Diagnostic potential of rapid electron microscopic analysis of joint effusions.код для вставкиСкачать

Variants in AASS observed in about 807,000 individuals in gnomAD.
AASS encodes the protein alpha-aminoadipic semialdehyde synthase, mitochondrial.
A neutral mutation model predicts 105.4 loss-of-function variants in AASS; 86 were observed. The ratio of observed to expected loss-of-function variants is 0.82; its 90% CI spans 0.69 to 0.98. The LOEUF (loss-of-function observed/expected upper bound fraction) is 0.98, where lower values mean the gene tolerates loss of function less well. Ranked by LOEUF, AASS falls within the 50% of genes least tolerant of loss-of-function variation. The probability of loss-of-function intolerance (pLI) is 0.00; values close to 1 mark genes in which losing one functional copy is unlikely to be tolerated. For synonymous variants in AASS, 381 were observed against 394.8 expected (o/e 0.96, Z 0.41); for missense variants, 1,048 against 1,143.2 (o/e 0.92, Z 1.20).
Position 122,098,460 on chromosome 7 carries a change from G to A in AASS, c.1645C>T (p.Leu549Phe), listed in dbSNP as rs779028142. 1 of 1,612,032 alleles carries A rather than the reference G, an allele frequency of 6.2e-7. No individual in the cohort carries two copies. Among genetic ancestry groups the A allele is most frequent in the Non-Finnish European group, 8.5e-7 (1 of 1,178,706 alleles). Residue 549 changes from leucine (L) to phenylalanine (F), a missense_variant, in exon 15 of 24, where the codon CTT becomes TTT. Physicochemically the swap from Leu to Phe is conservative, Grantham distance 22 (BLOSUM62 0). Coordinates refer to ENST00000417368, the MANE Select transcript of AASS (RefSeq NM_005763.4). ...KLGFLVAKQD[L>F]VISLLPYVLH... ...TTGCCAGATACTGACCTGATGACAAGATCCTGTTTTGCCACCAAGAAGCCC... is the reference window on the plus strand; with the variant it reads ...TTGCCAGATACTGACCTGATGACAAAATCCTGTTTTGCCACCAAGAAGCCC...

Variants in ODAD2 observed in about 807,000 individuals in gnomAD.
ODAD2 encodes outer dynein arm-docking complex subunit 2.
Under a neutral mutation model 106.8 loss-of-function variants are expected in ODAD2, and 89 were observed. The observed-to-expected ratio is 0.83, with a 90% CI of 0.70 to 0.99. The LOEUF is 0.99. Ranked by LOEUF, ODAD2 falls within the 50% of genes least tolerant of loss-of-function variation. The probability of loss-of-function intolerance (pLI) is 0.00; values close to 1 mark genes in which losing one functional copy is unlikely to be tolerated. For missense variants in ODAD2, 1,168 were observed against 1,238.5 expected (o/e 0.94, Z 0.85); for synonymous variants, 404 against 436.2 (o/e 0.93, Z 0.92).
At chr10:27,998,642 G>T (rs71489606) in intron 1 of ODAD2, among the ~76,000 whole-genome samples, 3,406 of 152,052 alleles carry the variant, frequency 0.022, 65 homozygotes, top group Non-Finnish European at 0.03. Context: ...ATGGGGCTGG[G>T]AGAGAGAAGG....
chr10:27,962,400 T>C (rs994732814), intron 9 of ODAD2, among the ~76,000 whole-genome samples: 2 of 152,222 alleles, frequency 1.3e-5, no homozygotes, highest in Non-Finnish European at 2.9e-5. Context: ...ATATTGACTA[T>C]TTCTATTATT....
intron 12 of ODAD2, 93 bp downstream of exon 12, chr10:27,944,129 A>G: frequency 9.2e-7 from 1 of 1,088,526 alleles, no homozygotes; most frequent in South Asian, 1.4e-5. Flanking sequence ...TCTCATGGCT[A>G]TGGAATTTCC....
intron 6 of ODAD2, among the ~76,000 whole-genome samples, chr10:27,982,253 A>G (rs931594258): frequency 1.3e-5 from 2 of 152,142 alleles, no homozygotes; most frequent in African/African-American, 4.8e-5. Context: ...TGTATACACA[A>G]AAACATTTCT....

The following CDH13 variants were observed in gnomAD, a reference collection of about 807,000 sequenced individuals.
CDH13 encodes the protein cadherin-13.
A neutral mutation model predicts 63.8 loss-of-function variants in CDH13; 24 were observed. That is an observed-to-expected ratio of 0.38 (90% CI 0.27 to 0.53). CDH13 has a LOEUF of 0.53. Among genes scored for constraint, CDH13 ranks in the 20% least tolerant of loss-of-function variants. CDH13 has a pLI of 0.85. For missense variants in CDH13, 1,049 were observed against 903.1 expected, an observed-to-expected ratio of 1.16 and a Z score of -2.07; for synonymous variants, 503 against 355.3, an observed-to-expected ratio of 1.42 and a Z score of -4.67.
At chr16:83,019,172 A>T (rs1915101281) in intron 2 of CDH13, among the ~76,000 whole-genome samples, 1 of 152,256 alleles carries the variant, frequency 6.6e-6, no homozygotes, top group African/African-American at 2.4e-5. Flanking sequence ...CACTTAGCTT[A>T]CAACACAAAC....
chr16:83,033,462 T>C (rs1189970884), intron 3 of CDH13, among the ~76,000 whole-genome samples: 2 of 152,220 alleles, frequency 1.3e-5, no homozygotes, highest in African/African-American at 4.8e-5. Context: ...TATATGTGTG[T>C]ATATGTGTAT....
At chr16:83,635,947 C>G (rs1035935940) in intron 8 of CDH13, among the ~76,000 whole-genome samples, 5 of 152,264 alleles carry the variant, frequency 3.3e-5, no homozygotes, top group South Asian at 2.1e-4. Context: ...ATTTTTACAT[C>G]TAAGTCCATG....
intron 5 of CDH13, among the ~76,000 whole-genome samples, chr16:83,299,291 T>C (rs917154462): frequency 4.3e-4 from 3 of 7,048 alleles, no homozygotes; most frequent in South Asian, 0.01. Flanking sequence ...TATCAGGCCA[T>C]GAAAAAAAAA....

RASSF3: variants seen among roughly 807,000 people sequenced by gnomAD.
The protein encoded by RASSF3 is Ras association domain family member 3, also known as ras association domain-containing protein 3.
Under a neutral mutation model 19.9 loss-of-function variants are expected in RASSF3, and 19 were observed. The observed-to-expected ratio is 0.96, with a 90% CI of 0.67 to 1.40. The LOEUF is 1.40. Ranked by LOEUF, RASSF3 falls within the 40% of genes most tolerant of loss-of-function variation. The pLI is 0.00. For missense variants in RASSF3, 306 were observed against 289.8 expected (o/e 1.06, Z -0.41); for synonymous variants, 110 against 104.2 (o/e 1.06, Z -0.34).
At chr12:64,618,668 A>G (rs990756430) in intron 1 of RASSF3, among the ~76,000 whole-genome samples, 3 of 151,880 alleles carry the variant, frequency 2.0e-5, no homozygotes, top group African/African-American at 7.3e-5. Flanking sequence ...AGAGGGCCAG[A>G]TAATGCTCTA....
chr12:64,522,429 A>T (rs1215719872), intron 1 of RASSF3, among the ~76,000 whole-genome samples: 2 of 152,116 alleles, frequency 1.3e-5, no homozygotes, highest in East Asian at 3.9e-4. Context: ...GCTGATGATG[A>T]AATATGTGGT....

98 BRIEF REPORT DIAGNOSTIC POTENTIAL OF RAPID ELECTRON MICROSCOPIC ANALYSIS OF JOINT EFFUSIONS P. VARGHESE CHERIAN and H. RALPH SCHUMACHER The use of electron microscopy (EM) in clinical diagnosis of various diseases has been limited in part because of the lengthy procedures involved. In joint diseases EM analysis would be very helpful in identifying small crystals which can cause arthritis. Monosodium urate and calcium pyrophosphate crystals are at least occasionally too small to be seen by light microscopy (1-3). By light microscopy, apatite crystal clumps may infrequently appear as “shiny coins,” but these tiny crystals are most often identified by EM (45 ) . EM can also help identify larger crystals, when absolute identification is needed. X-ray diffraction can also do this but the amount of material available is often insufficient. Compensated polarized light is almost diagnostic for sodium urate and calcium pyrophosphate crystals, but other crystals such as depot corticosteroids (6) can mimic their shape and birefringence. EM allows elemental analysis (4) and electron diffraction (7) in addition to morphologic description and can thus definitively identify crystals. The conventional manner of preparing biological samples for EM takes 3-5 days before sections can ______ From the School of Medicine, University of Pennsylvania, and the Arthritis-Immunology Center, Veterans Administration Medical Center, Philadelphia, PA. Supported in part by grants from the Kroc Foundation, Barsumian Fund, and McCabe Foundation. P. Varghese Cherian, PhD: Research Associate, Department of Medicine, University of Pennsylvania, School of Medicine, and the Veterans Administration Medical Center, Philadelphia, PA; H. Ralph Schumacher, MD: Professor of Medicine, University of Pennsylvania School of Medicine, and Director, Arthritis-lmmunology Center, Veterans Administration Medical Center, Philadelphia, PA. Address reprint requests to H. Ralph Schumacher, MD, Director, Arthritis-Immunology Center, Veterans Administration Medical Center, University and Woodland Avenues, Philadelphia, PA 19104. Submitted for publication January 23, 1981; accepted in revised form May 22, 1981. Arthritis and Rheumatism, Vol. 25, No. 1 (January 1982) be examined. Much of this time is consumed during the washing procedure, infiltration, and curing of the embedding medium. Several methods to shorten the EM procedure by reducing the washing and centrifugation time have been reported (8-9). Recently, Rittenburg et a1 (10) used polycarbonate membrane filters to shorten the duration of most steps for processing microorganisms for EM. The present study was designed to determine whether synovial fluid components could be processed rapidly enough to provide information about crystals or other fluid components the same day that fluid is aspirated for diagnosis and management. Our technique provided a rapid (3 hours, 40 minutes) and efficient method for preparing synovia1 fluid cells and crystals which retain well-preserved morphology, suggesting that EM could be useful in the rapid clinical diagnosis of crystal deposition disease and possibly in other diseases. MATERIALS AND METHODS Two milliliters of joint effusion received from a patient (MS) with known pseudogout and apatite crystal deposition disease and a 2.0-ml sample from another patient (MZ) containing only equivocal crystals by light microscopic analysis were washed in phosphate buffered saline with 2 changes in a 10-minute period and then centrifuged for 10 minutes at 2,500g. The supernatants were discarded and the pellets were fixed in 3 ml of 4% glutaraldehyde in O.IM cacodylate buffer, pH 7.4, for 30 minutes at room temperature. The fixative solution was removed and the pellets were washed with 5.0 ml of 0. IM cacodylate buffer for 2 minutes. They were immediately postfixed in 2 ml of 2% osmium tetroxide in 0.1M cacodylate buffer for 25 minutes at 4°C. After being rinsed with distilled water, the pellets were stained en bloc with 2% aqueous BRIEF REPORTS Figure 1. Electron micrograph of synovial fluid cell of patient MS with apatite crystals (ap) inside phagocytic vacuoles (pv). The endoplasmic reticulum (rer). mitochondria (m)with cristae. and nucleus (n) are clearly visible ( x 30.000). 99 chondria with cristae, nuclei, and other cellular components (Figures I , 2). Hydroxyapatite and calcium pyrophosphate crystals were observed in both synovia1 fluid preparations. Several of the synovial fluid cells had apatite and calcium pyrophosphate crystals in phagocytic vacuoles (Figures 1 , 2). Needle-shaped 725 nm hydroxyapatite crystals (4) were present individually (Figure 1) and in clusters. with the crystals lying in a grainy matrix in phagocytic vacuoles and outside the cell. Calcium pyrophosphate crystals were characteristically foamy in appearance (3) (Figure 2); they were denser and larger than hydroxyapatites. They tended to break apart during cutting of thin sections and further dislodge and deteriorate under the electron beam. Both types of crystals were confirmed as containing calcium and phosphorus by energy dispersive elemental analysis (4). In the apatite crystals the ratio of calcium to phosphorus was as expected (41, approximately 1.6: I , while with the calcium pyrophosphate crystals the calcium-to-phosphorus ratio was 1:l. uranyl acetate for 5 minutes. The samples were dehydrated by being washed in 3 ml each of 50%, 7076, 95%, and 100% acetone; the samples were left for 1 minute in each solution and changed twice in the 100% acetone. The pellets were next soaked in a I : 1 mixture of acetone and Spurr embedding medium (Polysciences, Warrington. PA) for 30 minutes and then in a 1:2 mixture for 15 minutes. The pellets were then infiltrated with fresh embedding medium, with 2 changes of 10 minutes each, cut into very small pieces, and embedded in flat embedding molds or polethylene capsules. Specimens were cured at 99°C for 1 hour. Blocks were sectioned 7 minutes after removal from the oven with a diamond knife and examined with a Zeiss 10 electron microscope at 60 kV. Energy dispersive elemental analysis of all crystals identified was performed on the same thin sections using a Kevex Si (Li) x-ray detector interphased with a multichannel analyzer and computer. Crystals were analyzed using spot sizes of 0.5-2 pm diameter and 120-200 second analysis times (13). RESULTS Synovial fluid cells and crystals retained wellpreserved ultrastructural details. Cells displayed intact cell membrane, rough endoplasmic reticulum. mito- Figure 2. Electron micrograph of synovial fluid cell of patient MS with calcium pyrophosphate (CPPD) crystals within a phagocytic vacuole (pv) ( x 30.000). BRIEF REPORTS 100 DISCUSSION REFERENCES This method allowed cells and various crystals in the synovial fluid to be processed rapidly with milder preparatory steps than the conventional methods. Synovial fluid components formed a pellet on centrifugation and became firm during fixation. It was thus possible to wash with various solutions without disrupting the pellet. We also experimented with polycarbonate filter membranes forjoint fluids, as has been suggested for microorganisms (lo), but we found that centrifugation of the sample and processing the resulting pellet were more sensitive. If one were particularly looking for crystals, postfixation in osmium tetroxide and staining en bloc with uranyl acetate could be eliminated because crystals would have sufficient contrast in the absence of these compounds. This would reduce the time by one-half hour. Low-viscosity Spurr embedding medium allows better morphologic preservation of a variety of substances including minerals, rocks, and endosperm (1 1-12). The penetration quality of Spurr embedding medium may have accounted for the well preserved morphology of the synovial fluid cells and crystals. Monosodium urate and other watersoluble crystals were dissolved during preparation for transmission EM (1,2,14,15). Their characteristic outline remained in the thin section and could suggest the presence of some water-soluble crystal. This phenomenon occurred in our previous study (1) and that of Honig et a1 (2). Our results suggest the usefulness and efficiency of electron microscopy in establishing a definitive diagnosis in crystal deposition diseases. The limit of resolution of light and polarized light microscopy and the relatively low number of crystals in some cases may leave small sodium urate and calcium pyrophosphate crystals as well as apatite crystals undetected with only light microscopy (1,2). The significance of very small crystals is not definitely established in all effusions, although in some patients they have appeared to explain inflammation (1-2,4). Arbitrary exclusion of crystals by small size, however, also does not seem appropriate at this time. 1. Schumacher HR, Jimenez SA, Gibson T, Pascual E, Traycoff R, Dorwart BB, Reginato AJ: Acute gouty arthritis without urate crystals identified on initial examination of synovial fluid: report on nine patients. Arthritis Rheum 19:603-612, 1975 2. Honig S, Gorevic P, Hoffstein S, Weissmann G: Crystal deposition disease: diagnosis by electron microscopy. Am J Med 63:161-164, 1977 3. Schumacher HR: Ultrastructural findings in chondrocalcinosis and pseudogout. Arthritis Rheum 19:413-425, 1976 4. Schumacher HR, Somlyo AP, Tse RL, Maurer K: Arthritis associated with apatite crystals. Ann Intern Med 87:411-416, 1977 5. Dieppe PA, Crocker P, Huskisson EC, Willoughby DA: Apatite deposition disease: a new arthropathy. Lancet 11 ~266-269, 1976 6. McCarty DJ, Hogan JM: Inflammatory reaction after intrasynovial injection of microcrystalline adrenocorticosteroid esters. Arthritis Rheum 7:359-367, 1964 7. Pritzker KPH, Adams ME, Cheng P-T, Omar SA, Cruickshank B: Black synovium: a consequence of intraarticular gold therapy. Arthritis Rheum 23:49&504, 1980 8. Hayat MA: Basic Electron Microscopic Techniques. New York, Van Nostrand Reinhold, 1972, pp 2-4 9. Dalen H: A filtration technique for preparing cells in suspension for electron microscopy. J Microscopy 91:213-215, 1970 10. Rittenburg JH, Bayer RC, Gallagher ML, Leavitt DF: A rapid technique for preparing microorganisms for transmission electron microscopy. Stain Techno1 54:275-280, 1979 11. S p u n AR: A low-viscosity epon resin embedding medium for electron microscopy. J Ultrastruct Res 26:31-43, 1969 12. Spurr AR, Harris WM: Ultrastructure of chloroplasts and chromoplasts in Capsicum annum. I. Thylakoid membrane changes during fruit ripening. Am J Bot 55: 1205-1209, 1968 13. Schumacher HR, Miller JL, Ludivico C, Jessar RA: Erosive arthritis associated with apatite crystal deposition. Arthritis Rheum 24:31-37, 1981 14. Schumacher HR: Pathology of the synovial membrane in gout: light and electron microscopic studies: interpretation of crystals in electron micrographs. Arthritis Rheum 18:771-782, 1975 15. Gordon GV, Schumacher HR: Electron microscopic study of depot corticosteroid crystals with clinical studies after intra-articular injection. J Rheumatol 6:7-14, 1979 ACKNOWLEDGMENTS The authors are grateful for the technical assistance of Mrs. Susan Rothfuss, Miss Marie Sieck, and Miss Gilda Clayburne.